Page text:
May 29, 2011


XKCD on sports.  Is there a way to test (in a quantitative manner) the hypothesis that baseball is the worst offender?


May 6, 2011

When labour market research goes to the ballpark

In a recently issued paper called "Productivity, Wages, and Marriage: The Case of Major League Baseball", economists Francesca Cornaglia and Naomi E. Feldman examine the "marriage premium" -- the fact that controlling for other influencing factors, married men earn more than unmarried men. In most situations, a variety of confounding variables muddy the waters -- things like geographic location, differences across occupations, and poor productivity measures. Cornaglia and Feldman innovatively use information from MLB to control for those variables.

Derek Jeter, the exception that proves the rule.

The abstract:

Using a sample of professional baseball players from 1871 - 2007, this paper aims at analyzing a longstanding empirical observation that married men earn significantly more than their single counterparts holding all else equal. There are numerous conflicting explanations, some of which reflect subtle sample selection problems (that is, men who tend to be successful in the workplace or have high potential wage growth also tend to be successful in attracting a spouse) and some of which are causal (that is, marriage does indeed increase productivity for men). Baseball is a unique case study because it has a long history of statistics collection and numerous direct measurements of productivity. Our results show that the marriage premium also holds for baseball players, where married players earn up to 20% more than those who are not married, even after controlling for selection. The results are generally robust only for players in the top third of the ability distribution and post 1975 when changes in the rules that govern wage contracts allowed for players to be valued closer to their true market price. Nonetheless, there do not appear to be clear differences in productivity between married and nonmarried players. We discuss possible reasons why employers may discriminate in favor of married men.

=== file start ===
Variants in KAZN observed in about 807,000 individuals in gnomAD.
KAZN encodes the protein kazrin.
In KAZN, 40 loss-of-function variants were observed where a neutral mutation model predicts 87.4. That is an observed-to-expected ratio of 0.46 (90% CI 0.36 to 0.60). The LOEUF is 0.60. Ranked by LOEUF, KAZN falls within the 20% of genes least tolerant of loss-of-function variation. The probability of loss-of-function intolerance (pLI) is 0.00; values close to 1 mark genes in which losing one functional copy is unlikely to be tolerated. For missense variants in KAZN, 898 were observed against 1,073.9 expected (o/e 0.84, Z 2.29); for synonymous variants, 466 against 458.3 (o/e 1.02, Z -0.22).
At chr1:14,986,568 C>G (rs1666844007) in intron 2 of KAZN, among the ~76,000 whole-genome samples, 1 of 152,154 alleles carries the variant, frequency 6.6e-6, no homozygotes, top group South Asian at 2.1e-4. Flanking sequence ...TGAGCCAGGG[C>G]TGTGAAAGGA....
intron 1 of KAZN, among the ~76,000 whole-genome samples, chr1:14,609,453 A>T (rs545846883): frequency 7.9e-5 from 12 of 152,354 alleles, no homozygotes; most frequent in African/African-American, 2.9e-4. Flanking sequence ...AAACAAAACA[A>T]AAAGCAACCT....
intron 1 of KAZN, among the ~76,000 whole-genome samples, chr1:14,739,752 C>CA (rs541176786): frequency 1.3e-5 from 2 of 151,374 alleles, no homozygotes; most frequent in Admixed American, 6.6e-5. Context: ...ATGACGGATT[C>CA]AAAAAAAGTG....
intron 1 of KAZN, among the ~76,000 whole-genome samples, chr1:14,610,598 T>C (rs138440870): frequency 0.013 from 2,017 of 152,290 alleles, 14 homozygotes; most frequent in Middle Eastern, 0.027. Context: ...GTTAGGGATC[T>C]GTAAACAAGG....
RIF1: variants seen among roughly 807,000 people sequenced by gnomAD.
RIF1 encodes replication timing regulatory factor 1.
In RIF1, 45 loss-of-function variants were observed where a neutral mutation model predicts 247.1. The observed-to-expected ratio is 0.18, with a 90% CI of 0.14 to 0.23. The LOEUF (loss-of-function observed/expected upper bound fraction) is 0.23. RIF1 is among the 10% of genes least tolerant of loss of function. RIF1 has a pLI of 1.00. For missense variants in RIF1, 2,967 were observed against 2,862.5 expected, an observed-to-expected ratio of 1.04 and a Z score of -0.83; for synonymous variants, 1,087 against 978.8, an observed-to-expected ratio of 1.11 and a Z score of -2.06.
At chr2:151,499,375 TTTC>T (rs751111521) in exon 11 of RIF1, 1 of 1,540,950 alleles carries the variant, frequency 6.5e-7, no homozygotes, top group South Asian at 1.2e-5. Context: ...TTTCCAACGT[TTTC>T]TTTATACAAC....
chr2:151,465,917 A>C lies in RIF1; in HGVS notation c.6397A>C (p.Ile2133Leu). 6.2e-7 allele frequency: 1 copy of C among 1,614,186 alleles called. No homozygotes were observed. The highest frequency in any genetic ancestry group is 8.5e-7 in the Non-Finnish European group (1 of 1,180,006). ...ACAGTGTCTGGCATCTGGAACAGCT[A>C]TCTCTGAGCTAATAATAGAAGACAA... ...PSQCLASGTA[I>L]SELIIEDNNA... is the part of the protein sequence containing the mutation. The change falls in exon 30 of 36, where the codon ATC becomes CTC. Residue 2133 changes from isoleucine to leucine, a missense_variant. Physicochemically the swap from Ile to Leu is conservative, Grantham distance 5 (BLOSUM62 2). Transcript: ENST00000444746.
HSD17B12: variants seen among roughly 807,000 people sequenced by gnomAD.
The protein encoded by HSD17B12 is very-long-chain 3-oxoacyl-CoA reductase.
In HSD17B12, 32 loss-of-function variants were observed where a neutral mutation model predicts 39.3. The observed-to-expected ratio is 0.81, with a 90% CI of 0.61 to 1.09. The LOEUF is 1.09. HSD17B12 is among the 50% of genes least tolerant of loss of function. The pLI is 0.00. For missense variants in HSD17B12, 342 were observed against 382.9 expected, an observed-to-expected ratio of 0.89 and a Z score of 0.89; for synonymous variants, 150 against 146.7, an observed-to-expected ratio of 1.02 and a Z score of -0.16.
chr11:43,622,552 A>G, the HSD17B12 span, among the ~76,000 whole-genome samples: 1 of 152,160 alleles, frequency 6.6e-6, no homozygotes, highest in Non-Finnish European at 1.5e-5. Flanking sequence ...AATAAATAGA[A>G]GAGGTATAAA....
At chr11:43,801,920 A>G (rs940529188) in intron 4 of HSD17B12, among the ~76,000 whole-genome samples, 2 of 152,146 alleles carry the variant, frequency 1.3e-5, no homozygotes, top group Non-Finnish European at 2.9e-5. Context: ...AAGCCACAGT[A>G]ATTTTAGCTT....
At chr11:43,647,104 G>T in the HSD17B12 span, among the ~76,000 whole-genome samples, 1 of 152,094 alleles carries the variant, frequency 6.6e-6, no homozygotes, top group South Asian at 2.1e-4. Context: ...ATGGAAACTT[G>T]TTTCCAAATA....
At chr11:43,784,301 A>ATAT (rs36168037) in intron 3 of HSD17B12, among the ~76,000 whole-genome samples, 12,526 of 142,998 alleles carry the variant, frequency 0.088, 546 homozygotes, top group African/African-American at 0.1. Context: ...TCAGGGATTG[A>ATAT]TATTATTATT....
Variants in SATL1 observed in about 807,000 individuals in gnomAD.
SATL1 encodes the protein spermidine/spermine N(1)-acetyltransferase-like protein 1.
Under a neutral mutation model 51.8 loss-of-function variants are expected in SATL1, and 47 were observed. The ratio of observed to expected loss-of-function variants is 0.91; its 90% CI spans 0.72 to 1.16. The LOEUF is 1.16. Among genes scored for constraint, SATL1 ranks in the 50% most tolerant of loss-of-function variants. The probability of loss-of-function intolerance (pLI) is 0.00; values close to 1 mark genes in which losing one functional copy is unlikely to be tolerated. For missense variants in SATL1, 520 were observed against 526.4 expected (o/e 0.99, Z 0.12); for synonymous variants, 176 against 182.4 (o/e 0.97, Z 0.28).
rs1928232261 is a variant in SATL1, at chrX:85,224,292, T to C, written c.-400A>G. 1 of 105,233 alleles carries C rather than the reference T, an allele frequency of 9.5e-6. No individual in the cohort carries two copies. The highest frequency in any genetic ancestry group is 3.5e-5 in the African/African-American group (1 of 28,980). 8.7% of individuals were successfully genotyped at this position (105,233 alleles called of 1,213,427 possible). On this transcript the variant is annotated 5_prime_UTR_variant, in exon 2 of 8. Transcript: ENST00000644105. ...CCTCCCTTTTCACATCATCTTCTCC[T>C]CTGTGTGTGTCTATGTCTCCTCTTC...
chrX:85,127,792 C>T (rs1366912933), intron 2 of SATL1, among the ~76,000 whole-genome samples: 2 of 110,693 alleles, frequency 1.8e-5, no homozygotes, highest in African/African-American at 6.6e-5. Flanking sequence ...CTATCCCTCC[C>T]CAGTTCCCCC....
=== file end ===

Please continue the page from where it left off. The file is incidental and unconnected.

You can hear Dr. Cornaglia discuss the research on the BBC programme More or Less (2011-04-29), starting at roughly 10'50".

My initial reaction regards neither the findings nor the methodology, but the fact that other than a mention of the Lahman database, the list of references does not include any of work of the sabermetric research community. At one point in the discussion of productivity measures the authors write "Most modern-day baseball enthusiasts and commentators consider the latter two statistics [OPS and EqA] to be the most accurate measures of a player’s productivity", but the authors neither refer to any authority to support that statement nor discuss fact that others have critiqued those measures.

This is not the first time that academics have utilized the contributions of the sabermetric community in supporting their research (in this case, it provides a vital element in the foundation of the productivy measure) but then failed to acknowledge that work. For a well-reasoned discussion of that topic, please read Phil Birnbaum's "Chopped liver II".


May 1, 2011

Early season standings and Bayes

Early season performance has been a hot topic this year (not that it isn't a topic of discussion every year).  I wrote about it, using a simple approach of assuming that every team is .500, and a more recent addition in the blogosphere is Rob Neyer's take.

Last week Kincaid over at 3-D baseball had great post that used Boston's 2-10 start to go down a detailed and more sophisticated Bayesian path to estimating the team's true talent.  Tango posted a link to Kincaid's blog, and added a few details that incorporate actual observations.  A key element in this is that the observed spread of talent is wider than the theoretical .500 level of all teams.  (If all teams were .500, the random component would result in a standard deviation of 0.039. In reality, the standard deviation is wider, at 0.071 -- the implication of this is that there are real talent differences between teams, with some teams having a true talent level above .500 and others below.)

My modest contribution to this thread is here:  a Google doc spreadsheet that show all of the MLB team's current record (as of 2011-04-30), and then takes two different Bayesian-based methods to predict each team's final season outcome.

The first set are the yellow columns, which replicate Kincaid's "shortcut" approach, with the implied regression of 69 games noted by Tango. The blue columns take a different approach that uses the standard deviation of both the observed performance to date and the long-term observations (every MLB team season outcome from 1961-2010) as the prior.

The difference in the result generated between these two approaches is relatively modest.  (It's worth noting that the relative position on the standings does not change.) What is apparent is that with roughly 25 games played this season, there are solid differences appearing in the team performances.  This method forecasts that Cleveland and Philadelphia will regress downward from .692 (a 112 win season) to .573 and end up with 93 wins. At the bottom of the table, it suggests that the Twins will improve from .346 (58 wins on the season) to .444 and a much more respectable 74 wins over the course of the season.